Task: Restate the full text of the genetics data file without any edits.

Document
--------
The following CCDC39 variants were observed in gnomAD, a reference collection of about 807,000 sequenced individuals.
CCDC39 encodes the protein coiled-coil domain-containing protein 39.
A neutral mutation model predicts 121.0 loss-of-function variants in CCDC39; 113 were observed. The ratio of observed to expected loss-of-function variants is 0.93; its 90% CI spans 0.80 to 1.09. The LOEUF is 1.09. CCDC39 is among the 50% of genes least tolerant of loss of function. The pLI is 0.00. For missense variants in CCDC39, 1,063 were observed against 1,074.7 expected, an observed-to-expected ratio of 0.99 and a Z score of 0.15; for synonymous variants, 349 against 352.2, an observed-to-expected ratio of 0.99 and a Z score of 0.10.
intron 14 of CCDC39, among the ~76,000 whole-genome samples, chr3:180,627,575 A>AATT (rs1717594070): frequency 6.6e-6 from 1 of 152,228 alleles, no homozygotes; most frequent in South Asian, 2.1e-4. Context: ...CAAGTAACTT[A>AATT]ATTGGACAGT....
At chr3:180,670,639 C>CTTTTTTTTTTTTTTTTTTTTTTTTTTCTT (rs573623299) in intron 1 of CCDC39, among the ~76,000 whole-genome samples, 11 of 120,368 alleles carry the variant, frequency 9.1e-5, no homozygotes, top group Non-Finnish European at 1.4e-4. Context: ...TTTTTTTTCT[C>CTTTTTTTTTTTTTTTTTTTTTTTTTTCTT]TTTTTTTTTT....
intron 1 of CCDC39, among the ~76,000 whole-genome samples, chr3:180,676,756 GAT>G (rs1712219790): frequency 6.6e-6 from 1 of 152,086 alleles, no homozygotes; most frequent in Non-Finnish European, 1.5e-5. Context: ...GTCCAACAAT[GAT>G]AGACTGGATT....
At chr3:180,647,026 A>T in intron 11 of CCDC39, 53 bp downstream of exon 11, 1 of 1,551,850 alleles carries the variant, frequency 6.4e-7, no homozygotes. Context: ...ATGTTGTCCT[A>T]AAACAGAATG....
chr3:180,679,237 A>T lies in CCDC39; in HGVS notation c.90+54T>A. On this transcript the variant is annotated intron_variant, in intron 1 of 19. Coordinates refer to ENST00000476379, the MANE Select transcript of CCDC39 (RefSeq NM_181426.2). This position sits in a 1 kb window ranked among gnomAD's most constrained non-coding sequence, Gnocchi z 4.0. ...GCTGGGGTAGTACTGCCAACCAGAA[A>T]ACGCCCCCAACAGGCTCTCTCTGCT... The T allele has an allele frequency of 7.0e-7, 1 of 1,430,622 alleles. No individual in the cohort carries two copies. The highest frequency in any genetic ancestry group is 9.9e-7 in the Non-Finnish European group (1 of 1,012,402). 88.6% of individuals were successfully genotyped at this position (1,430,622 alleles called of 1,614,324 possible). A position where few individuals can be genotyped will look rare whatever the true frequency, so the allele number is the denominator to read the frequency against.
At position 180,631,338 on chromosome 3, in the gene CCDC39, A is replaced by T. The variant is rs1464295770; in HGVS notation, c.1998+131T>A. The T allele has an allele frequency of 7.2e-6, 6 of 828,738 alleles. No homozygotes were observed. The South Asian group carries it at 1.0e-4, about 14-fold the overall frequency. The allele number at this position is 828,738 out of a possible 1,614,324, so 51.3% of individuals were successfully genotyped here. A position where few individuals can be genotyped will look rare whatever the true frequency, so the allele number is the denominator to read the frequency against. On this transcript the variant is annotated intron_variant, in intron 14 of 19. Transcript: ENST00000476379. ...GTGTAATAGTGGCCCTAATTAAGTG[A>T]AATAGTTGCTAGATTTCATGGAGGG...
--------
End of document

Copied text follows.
The following CCDC39 variants were observed in gnomAD, a reference collection of about 807,000 sequenced individuals.
CCDC39 encodes the protein coiled-coil domain-containing protein 39.
A neutral mutation model predicts 121.0 loss-of-function variants in CCDC39; 113 were observed. The ratio of observed to expected loss-of-function variants is 0.93; its 90% CI spans 0.80 to 1.09. The LOEUF is 1.09. CCDC39 is among the 50% of genes least tolerant of loss of function. The pLI is 0.00. For missense variants in CCDC39, 1,063 were observed against 1,074.7 expected, an observed-to-expected ratio of 0.99 and a Z score of 0.15; for synonymous variants, 349 against 352.2, an observed-to-expected ratio of 0.99 and a Z score of 0.10.
intron 14 of CCDC39, among the ~76,000 whole-genome samples, chr3:180,627,575 A>AATT (rs1717594070): frequency 6.6e-6 from 1 of 152,228 alleles, no homozygotes; most frequent in South Asian, 2.1e-4. Context: ...CAAGTAACTT[A>AATT]ATTGGACAGT....
At chr3:180,670,639 C>CTTTTTTTTTTTTTTTTTTTTTTTTTTCTT (rs573623299) in intron 1 of CCDC39, among the ~76,000 whole-genome samples, 11 of 120,368 alleles carry the variant, frequency 9.1e-5, no homozygotes, top group Non-Finnish European at 1.4e-4. Context: ...TTTTTTTTCT[C>CTTTTTTTTTTTTTTTTTTTTTTTTTTCTT]TTTTTTTTTT....
intron 1 of CCDC39, among the ~76,000 whole-genome samples, chr3:180,676,756 GAT>G (rs1712219790): frequency 6.6e-6 from 1 of 152,086 alleles, no homozygotes; most frequent in Non-Finnish European, 1.5e-5. Context: ...GTCCAACAAT[GAT>G]AGACTGGATT....
At chr3:180,647,026 A>T in intron 11 of CCDC39, 53 bp downstream of exon 11, 1 of 1,551,850 alleles carries the variant, frequency 6.4e-7, no homozygotes. Context: ...ATGTTGTCCT[A>T]AAACAGAATG....
chr3:180,679,237 A>T lies in CCDC39; in HGVS notation c.90+54T>A. On this transcript the variant is annotated intron_variant, in intron 1 of 19. Coordinates refer to ENST00000476379, the MANE Select transcript of CCDC39 (RefSeq NM_181426.2). This position sits in a 1 kb window ranked among gnomAD's most constrained non-coding sequence, Gnocchi z 4.0. ...GCTGGGGTAGTACTGCCAACCAGAA[A>T]ACGCCCCCAACAGGCTCTCTCTGCT... The T allele has an allele frequency of 7.0e-7, 1 of 1,430,622 alleles. No individual in the cohort carries two copies. The highest frequency in any genetic ancestry group is 9.9e-7 in the Non-Finnish European group (1 of 1,012,402). 88.6% of individuals were successfully genotyped at this position (1,430,622 alleles called of 1,614,324 possible). A position where few individuals can be genotyped will look rare whatever the true frequency, so the allele number is the denominator to read the frequency against.
At position 180,631,338 on chromosome 3, in the gene CCDC39, A is replaced by T. The variant is rs1464295770; in HGVS notation, c.1998+131T>A. The T allele has an allele frequency of 7.2e-6, 6 of 828,738 alleles. No homozygotes were observed. The South Asian group carries it at 1.0e-4, about 14-fold the overall frequency. The allele number at this position is 828,738 out of a possible 1,614,324, so 51.3% of individuals were successfully genotyped here. A position where few individuals can be genotyped will look rare whatever the true frequency, so the allele number is the denominator to read the frequency against. On this transcript the variant is annotated intron_variant, in intron 14 of 19. Transcript: ENST00000476379. ...GTGTAATAGTGGCCCTAATTAAGTG[A>T]AATAGTTGCTAGATTTCATGGAGGG...